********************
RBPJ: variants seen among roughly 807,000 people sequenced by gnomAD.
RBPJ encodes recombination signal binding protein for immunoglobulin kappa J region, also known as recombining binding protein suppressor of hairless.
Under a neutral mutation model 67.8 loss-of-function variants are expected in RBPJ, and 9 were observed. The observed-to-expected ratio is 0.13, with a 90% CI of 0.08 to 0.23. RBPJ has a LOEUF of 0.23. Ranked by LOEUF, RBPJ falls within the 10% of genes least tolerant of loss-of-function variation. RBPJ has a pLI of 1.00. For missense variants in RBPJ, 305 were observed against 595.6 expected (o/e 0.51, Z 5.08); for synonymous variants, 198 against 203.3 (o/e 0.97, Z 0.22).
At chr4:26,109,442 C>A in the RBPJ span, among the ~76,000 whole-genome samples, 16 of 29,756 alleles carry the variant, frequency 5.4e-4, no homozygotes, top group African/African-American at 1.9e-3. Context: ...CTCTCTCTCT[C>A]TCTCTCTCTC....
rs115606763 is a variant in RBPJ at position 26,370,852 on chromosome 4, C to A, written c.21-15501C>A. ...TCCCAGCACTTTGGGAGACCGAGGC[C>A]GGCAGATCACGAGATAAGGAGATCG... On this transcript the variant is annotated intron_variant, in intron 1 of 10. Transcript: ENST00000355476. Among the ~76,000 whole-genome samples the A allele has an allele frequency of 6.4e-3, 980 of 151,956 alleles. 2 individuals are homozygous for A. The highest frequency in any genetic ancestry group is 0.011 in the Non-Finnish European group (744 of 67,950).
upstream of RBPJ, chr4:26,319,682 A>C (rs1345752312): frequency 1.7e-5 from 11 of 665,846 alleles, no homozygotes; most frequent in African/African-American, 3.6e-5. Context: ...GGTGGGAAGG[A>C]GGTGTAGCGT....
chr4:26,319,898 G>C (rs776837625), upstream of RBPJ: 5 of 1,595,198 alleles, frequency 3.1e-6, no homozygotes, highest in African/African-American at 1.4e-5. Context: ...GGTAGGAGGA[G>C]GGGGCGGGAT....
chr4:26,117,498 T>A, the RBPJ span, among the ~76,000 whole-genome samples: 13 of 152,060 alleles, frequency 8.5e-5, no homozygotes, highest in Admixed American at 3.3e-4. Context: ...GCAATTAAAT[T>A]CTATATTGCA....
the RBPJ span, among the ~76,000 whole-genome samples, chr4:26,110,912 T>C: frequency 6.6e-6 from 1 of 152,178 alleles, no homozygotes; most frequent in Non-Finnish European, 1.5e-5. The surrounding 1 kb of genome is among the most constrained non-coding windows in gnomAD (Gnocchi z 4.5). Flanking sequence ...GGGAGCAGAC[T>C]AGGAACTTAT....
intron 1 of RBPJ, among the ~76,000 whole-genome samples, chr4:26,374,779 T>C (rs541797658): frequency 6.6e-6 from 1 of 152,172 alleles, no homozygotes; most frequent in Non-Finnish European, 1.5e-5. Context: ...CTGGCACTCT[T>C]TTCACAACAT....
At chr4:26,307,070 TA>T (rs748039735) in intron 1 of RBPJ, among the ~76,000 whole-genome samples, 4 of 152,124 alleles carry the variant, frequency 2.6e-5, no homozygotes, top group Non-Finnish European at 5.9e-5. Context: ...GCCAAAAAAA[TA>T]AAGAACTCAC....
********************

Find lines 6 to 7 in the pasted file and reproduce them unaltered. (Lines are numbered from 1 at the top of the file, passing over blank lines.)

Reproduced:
upstream of RBPJ, chr4:26,319,682 A>C (rs1345752312): frequency 1.7e-5 from 11 of 665,846 alleles, no homozygotes; most frequent in African/African-American, 3.6e-5. Context: ...GGTGGGAAGG[A>C]GGTGTAGCGT....
chr4:26,319,898 G>C (rs776837625), upstream of RBPJ: 5 of 1,595,198 alleles, frequency 3.1e-6, no homozygotes, highest in African/African-American at 1.4e-5. Context: ...GGTAGGAGGA[G>C]GGGGCGGGAT....